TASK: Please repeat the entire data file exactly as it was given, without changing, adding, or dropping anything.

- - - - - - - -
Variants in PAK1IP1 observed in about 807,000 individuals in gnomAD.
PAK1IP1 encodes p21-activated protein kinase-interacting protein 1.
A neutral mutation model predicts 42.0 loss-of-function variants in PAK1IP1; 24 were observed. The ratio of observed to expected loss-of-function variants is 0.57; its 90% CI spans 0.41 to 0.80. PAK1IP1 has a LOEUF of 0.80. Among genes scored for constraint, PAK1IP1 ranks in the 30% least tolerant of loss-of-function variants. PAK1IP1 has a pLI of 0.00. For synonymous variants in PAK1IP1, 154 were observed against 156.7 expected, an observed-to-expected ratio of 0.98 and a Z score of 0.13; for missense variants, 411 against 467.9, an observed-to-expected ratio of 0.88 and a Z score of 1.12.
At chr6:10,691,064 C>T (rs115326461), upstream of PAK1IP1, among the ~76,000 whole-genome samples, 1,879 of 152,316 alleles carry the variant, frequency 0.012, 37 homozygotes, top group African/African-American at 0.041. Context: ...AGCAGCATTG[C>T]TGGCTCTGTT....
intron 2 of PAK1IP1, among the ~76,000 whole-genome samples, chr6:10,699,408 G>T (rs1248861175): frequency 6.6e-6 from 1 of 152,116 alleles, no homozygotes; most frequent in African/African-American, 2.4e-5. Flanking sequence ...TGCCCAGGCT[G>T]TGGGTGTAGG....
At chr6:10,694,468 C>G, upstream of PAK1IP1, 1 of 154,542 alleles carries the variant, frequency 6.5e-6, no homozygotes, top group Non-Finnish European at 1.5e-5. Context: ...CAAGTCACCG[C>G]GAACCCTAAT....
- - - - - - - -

Variants in PAK1IP1 observed in about 807,000 individuals in gnomAD.
PAK1IP1 encodes p21-activated protein kinase-interacting protein 1.
A neutral mutation model predicts 42.0 loss-of-function variants in PAK1IP1; 24 were observed. The ratio of observed to expected loss-of-function variants is 0.57; its 90% CI spans 0.41 to 0.80. PAK1IP1 has a LOEUF of 0.80. Among genes scored for constraint, PAK1IP1 ranks in the 30% least tolerant of loss-of-function variants. PAK1IP1 has a pLI of 0.00. For synonymous variants in PAK1IP1, 154 were observed against 156.7 expected, an observed-to-expected ratio of 0.98 and a Z score of 0.13; for missense variants, 411 against 467.9, an observed-to-expected ratio of 0.88 and a Z score of 1.12.
At chr6:10,691,064 C>T (rs115326461), upstream of PAK1IP1, among the ~76,000 whole-genome samples, 1,879 of 152,316 alleles carry the variant, frequency 0.012, 37 homozygotes, top group African/African-American at 0.041. Context: ...AGCAGCATTG[C>T]TGGCTCTGTT....
intron 2 of PAK1IP1, among the ~76,000 whole-genome samples, chr6:10,699,408 G>T (rs1248861175): frequency 6.6e-6 from 1 of 152,116 alleles, no homozygotes; most frequent in African/African-American, 2.4e-5. Flanking sequence ...TGCCCAGGCT[G>T]TGGGTGTAGG....
At chr6:10,694,468 C>G, upstream of PAK1IP1, 1 of 154,542 alleles carries the variant, frequency 6.5e-6, no homozygotes, top group Non-Finnish European at 1.5e-5. Context: ...CAAGTCACCG[C>G]GAACCCTAAT....